If you don’t put the big rocks in first, you’ll never get them in at all.”
The list goes on and on. You should never justifiably be able to say,
“I don’t know what to practice”.
How many of you make New Years Resolutions? Or are you the type to say, “Well, what’s the use, I never keep ’em anyway.”?
Think about it for a minute, if we had that attitude about everything in life, then why would we even get up in the morning? I mean, why drive to work or go to school when you might have an accident and get killed? You see how silly this is?
The word resolution is just a fancy word for “goal setting”. Webster lists several definitions but reoccurring words are “resolve”, “declare”, and “decide”.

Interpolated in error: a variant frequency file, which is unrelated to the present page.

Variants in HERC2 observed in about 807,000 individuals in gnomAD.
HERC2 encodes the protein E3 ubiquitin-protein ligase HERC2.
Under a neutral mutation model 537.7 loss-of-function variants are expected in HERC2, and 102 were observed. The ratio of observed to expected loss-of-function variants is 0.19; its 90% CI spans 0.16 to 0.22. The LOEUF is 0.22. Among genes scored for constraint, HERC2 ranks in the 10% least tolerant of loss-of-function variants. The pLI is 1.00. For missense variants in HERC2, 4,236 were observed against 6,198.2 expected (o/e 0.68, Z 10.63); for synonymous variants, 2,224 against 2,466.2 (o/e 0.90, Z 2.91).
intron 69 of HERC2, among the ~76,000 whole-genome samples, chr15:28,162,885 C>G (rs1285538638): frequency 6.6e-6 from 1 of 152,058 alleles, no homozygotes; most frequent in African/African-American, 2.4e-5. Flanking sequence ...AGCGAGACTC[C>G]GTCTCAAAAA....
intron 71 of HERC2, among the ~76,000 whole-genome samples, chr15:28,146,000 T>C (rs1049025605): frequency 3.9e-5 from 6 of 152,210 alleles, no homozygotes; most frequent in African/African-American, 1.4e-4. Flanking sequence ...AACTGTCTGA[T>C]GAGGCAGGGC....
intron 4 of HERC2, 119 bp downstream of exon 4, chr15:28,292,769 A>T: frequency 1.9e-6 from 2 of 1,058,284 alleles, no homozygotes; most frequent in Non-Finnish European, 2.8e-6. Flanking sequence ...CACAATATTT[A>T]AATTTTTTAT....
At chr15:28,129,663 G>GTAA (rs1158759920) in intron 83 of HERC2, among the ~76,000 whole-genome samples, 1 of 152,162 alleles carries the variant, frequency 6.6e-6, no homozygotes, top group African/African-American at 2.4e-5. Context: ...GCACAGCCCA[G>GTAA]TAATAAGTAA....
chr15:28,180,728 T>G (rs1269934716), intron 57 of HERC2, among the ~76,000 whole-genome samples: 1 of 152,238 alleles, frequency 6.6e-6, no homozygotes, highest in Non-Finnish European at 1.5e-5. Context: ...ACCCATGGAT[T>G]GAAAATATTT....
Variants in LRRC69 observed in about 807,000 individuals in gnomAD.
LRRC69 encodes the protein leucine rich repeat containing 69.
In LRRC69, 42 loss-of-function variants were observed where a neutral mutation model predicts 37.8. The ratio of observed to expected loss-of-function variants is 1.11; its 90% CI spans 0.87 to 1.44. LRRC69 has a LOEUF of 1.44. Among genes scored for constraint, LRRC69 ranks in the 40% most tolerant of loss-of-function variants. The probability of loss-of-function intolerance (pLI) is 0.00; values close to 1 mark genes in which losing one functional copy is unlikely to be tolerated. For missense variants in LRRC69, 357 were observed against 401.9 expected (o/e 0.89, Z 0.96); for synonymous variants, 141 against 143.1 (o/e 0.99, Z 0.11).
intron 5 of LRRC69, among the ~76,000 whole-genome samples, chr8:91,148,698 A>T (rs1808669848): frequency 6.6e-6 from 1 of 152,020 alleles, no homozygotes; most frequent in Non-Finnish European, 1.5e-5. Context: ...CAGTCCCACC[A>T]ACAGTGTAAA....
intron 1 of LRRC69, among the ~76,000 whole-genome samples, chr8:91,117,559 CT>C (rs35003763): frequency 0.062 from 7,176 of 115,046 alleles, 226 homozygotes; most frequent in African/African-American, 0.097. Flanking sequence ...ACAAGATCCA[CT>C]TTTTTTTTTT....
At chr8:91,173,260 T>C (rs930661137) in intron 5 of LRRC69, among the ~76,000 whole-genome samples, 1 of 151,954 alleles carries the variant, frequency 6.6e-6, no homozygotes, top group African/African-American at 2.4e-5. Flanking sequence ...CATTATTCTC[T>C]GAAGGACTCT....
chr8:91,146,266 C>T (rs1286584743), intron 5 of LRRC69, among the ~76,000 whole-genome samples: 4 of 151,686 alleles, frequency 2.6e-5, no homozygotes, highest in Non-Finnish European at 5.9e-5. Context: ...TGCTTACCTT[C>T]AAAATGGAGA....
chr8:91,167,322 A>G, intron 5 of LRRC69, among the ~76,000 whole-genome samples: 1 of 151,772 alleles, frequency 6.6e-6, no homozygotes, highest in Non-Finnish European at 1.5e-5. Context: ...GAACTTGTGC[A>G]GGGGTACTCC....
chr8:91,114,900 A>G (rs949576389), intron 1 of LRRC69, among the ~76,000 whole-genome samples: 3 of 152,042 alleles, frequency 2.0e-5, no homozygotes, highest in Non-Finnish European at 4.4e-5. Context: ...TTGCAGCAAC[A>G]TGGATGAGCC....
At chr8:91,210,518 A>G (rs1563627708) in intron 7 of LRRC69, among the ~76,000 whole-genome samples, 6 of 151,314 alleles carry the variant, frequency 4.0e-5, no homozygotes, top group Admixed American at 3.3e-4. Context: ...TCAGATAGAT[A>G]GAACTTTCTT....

Why not use the beginning of the year as a fresh start to achieve the goals that you set for yourself on DRUMS? Write them down in big bold letters and tape them to the wall if you have to. This is a common habit of successful people and it WILL work if “you” work hard for it and “MAKE IT HAPPEN”. Even if you don’t meet all of your goals, just “TRYING” gets you a lot closer than you would have gotten otherwise.
You don’t need to have a list of 10 or 12 things if you don’t want. Sometimes just 1 or 2 goals are sufficient. Maybe you can resolve to get that double stroke roll perfected once and for all. Or maybe you can commit to taking a few private lessons to help
get you out of that slump.
GET POSITIVE, GET MOTIVATED! Make a few resolutions and get out there and KICK SOME BUTT!
TIPS FOR SELF-MOTIVATION